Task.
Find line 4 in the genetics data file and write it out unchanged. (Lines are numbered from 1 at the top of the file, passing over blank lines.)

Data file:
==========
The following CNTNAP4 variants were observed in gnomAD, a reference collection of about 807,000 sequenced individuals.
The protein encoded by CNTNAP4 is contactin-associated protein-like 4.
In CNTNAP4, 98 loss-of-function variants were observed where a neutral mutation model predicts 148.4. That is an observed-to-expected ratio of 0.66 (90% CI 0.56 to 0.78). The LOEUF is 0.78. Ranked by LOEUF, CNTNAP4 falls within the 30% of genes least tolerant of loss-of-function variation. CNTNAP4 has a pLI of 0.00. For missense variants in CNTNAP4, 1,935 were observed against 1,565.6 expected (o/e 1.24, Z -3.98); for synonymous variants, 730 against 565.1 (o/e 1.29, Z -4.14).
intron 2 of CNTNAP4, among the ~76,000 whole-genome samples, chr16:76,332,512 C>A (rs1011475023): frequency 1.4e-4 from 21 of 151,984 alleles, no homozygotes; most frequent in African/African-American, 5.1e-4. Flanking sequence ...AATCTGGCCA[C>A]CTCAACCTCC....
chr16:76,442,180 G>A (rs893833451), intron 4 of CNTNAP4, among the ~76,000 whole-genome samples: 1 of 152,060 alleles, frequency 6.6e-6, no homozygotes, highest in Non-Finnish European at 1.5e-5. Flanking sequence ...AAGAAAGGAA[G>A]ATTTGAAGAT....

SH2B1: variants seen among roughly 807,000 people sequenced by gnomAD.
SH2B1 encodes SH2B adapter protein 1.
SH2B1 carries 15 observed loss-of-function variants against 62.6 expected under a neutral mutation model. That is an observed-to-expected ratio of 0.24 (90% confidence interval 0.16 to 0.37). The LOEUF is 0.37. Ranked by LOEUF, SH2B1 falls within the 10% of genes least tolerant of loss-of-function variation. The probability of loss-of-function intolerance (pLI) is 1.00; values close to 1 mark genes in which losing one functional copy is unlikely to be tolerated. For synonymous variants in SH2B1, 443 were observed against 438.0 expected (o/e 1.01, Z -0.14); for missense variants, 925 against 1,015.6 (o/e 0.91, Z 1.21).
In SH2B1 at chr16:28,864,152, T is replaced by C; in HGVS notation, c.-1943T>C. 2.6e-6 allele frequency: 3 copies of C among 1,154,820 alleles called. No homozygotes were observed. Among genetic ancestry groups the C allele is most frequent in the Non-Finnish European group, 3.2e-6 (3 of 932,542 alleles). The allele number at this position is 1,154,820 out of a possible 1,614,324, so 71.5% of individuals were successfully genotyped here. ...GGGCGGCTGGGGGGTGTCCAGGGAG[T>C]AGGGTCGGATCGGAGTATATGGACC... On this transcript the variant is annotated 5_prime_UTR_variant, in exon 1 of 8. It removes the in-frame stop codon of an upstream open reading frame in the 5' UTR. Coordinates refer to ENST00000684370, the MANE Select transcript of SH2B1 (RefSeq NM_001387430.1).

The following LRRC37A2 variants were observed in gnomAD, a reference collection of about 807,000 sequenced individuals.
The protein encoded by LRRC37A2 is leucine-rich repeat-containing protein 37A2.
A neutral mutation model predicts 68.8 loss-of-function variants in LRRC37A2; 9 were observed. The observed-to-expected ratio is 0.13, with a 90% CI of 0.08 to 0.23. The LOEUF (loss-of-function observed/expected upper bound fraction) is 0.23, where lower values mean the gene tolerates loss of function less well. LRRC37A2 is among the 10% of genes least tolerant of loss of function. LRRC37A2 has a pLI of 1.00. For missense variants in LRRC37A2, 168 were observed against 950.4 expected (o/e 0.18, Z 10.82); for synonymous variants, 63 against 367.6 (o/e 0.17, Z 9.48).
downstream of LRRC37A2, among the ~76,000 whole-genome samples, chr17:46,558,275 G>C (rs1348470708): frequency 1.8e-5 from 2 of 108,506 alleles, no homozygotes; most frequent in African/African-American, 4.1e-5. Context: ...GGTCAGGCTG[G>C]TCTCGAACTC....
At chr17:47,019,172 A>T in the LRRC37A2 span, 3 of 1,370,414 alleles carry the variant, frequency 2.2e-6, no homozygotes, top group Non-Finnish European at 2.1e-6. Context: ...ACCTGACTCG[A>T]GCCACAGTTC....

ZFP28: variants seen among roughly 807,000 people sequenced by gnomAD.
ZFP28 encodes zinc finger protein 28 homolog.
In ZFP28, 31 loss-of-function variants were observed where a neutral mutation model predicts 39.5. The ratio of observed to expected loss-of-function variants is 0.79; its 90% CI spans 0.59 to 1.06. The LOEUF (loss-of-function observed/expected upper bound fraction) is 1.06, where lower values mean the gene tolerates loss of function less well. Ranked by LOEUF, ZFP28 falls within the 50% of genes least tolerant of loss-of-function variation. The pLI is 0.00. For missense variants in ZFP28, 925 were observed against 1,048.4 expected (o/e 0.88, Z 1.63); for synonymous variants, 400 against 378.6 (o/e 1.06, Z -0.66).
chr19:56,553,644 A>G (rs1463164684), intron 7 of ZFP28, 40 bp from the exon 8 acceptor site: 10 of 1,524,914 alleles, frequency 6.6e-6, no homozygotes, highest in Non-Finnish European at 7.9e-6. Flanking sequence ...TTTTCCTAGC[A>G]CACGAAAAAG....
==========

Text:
intron 2 of CNTNAP4, among the ~76,000 whole-genome samples, chr16:76,332,512 C>A (rs1011475023): frequency 1.4e-4 from 21 of 151,984 alleles, no homozygotes; most frequent in African/African-American, 5.1e-4. Flanking sequence ...AATCTGGCCA[C>A]CTCAACCTCC....